Time estimation is hard

In my experience estimating how long a software engineering task will be is hard. I think this is often the case with software engineering tasks in a way that it isn’t for other disciplines.

More design than assembly

A quick internet search suggests a beginning bricklayer might lay 250 bricks per day, an intermediate 450 and a good one 500-900. Given a length and height of wall it doesn’t sound too hard to predict how long it takes to build a particular wall. Something that has a more complicated shape or pattern will slow things down but in a consistent way.

Some types of coding might be similar. I’ve not done this professionally but I think creating standard sorts of web pages could be quantified. A particular sort of page takes a know number of hours to make. Once you know what sorts of pages are needed it’s “just” a matter of adding up the hours. Note, I’m talking about “standard” web page here but there are probably all sorts of non-standard ones as well. I really haven’t worked in this industry.

Most software engineering I’ve been involved with doesn’t seem to have these known components. I’m not assembling known components. I’m researching components, deciding which ones to use or creating them for scratch. Sometimes what I’ve been asked to make isn’t even possible, at least not in the way that was originally envisaged. If I do have a task that is repetitive enough for easy prediction then ideally it will be automated so that the repetitive parts are done in minutes by a computer. Then you are back to estimating the hard parts.

How can you assign timescales when there is no previous work you can compare it against? Normally this comes down to an intuition built up over your career. As things sound easy, medium or hard to you they get estimated as days, weeks or months. You could say, “It’s more an art than a science.” I find that unsatisfying.

Can planning help?

I’m sure more up front design can help in some circumstances. Often tasks that are entered in to the backlog are very vague. In theory these are meant to be updated with more detail as they get towards the top of the backlog but often aren’t updated. Creating extra tasks for research or prototyping can help or at least constrain the uncertainty. These upfront uncertainties are shorter and, once you know what can be done, future estimates will be more certain. Doing all your design up front sounds like the waterfall model and that has it’s own problems.

However you will always have unknown unknowns. If you started planning a game you might set aside time for graphics, sound, controls, AI and gameplay. Would you remember to set aside time for making a Steam page and making a trailer? Maybe you would first time round, maybe not, there’s bound to be something unforeseen.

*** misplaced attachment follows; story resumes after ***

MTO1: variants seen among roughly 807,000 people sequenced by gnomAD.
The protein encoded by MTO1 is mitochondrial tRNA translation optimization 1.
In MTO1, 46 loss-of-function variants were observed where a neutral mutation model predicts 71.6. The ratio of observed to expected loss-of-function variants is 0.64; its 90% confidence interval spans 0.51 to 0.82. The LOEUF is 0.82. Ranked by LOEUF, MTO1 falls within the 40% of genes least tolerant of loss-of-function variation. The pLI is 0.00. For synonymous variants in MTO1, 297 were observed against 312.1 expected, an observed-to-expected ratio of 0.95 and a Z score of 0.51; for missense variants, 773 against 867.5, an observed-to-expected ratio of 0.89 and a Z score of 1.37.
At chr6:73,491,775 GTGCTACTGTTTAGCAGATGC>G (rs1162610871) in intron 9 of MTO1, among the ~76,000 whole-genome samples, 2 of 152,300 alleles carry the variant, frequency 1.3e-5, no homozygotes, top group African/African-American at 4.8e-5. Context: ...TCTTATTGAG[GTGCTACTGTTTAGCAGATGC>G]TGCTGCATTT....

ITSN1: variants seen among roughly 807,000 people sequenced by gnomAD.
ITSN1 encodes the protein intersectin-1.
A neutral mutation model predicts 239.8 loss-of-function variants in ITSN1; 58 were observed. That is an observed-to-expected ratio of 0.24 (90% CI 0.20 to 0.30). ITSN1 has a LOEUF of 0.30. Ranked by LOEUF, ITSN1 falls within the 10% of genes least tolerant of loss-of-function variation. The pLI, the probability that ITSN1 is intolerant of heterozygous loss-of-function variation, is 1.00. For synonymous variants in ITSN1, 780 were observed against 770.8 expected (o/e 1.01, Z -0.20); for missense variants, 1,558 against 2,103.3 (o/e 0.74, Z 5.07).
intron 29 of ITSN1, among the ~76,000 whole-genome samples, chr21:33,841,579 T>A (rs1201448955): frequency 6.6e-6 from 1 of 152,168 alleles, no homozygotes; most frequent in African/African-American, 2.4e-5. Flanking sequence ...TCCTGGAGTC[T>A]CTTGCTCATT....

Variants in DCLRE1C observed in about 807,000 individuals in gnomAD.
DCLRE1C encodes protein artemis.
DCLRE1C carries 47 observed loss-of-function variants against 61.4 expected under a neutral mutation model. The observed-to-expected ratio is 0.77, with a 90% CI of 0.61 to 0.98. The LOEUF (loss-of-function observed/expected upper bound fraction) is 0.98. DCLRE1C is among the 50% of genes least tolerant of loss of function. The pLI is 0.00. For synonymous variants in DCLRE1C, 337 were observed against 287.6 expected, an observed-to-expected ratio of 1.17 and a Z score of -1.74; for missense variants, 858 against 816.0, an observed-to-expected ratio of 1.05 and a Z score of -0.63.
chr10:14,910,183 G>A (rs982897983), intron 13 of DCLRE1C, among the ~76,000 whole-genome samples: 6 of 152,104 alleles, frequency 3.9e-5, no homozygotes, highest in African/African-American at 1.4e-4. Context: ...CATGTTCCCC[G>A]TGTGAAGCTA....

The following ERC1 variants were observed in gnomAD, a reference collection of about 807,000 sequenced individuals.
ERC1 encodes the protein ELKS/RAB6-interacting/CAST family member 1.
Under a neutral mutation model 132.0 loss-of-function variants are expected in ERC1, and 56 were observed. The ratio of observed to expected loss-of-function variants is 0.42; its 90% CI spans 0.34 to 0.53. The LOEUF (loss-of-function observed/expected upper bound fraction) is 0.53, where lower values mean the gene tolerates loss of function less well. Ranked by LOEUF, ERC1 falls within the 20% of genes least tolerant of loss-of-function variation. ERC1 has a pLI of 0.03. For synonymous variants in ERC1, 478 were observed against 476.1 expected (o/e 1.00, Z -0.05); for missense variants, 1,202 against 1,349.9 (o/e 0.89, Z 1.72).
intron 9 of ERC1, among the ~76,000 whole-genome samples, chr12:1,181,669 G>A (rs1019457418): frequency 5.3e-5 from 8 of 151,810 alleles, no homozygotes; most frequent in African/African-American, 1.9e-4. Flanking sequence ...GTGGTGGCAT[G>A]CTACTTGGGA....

A poor feedback loop

I don’t think that developing an intuition for estimation is easy but that shouldn’t really be a surprise. Often a task is estimated, sits in the backlog for weeks, is updated to reflect decisions but the estimated is left unchanged. Next the task is started, the coding takes days or weeks, then testing and perhaps another round of fixes. Finally the task is closed. Was the estimate good or bad?

(I’d love to have some better references here. Instead there is a vague memory of a YouTube video, perhaps from GMTK, where a video game player has to play basketball in the middle of a mission. However every time they fail the shot they’re taken back to the very start of the mission. I can’t remember enough detail to find it. I’ll start again…)

Imagine you’re playing Angry Birds. You line up your bird, pull it back and release. Instead of showing you what happens with that shot the game requires you to make all your other shots. Then the game waits a month. Finally it shows you the results of each shot but in a random order. I don’t think this would be easy or fun to play.

Something is easier to learn if you can quickly go between the problem and the result. You can adjust your approach to the problem and then evaluate how you’ve done. When estimating for a task there can be a huge gap between the initial estimation for the task and when the task is actually finished. Not only that but often we only have a vague notion of how long the task took. We’re normally paying more attention to whether the tasks works. It’s just not set up right to be easy to learn.

In the end

There are a lot of methodologies out there and a lot of companies trying to sell technologies but I’ve not worked with anything that solves the problem. I’ve got some of my own ideas which I’ll write about later.






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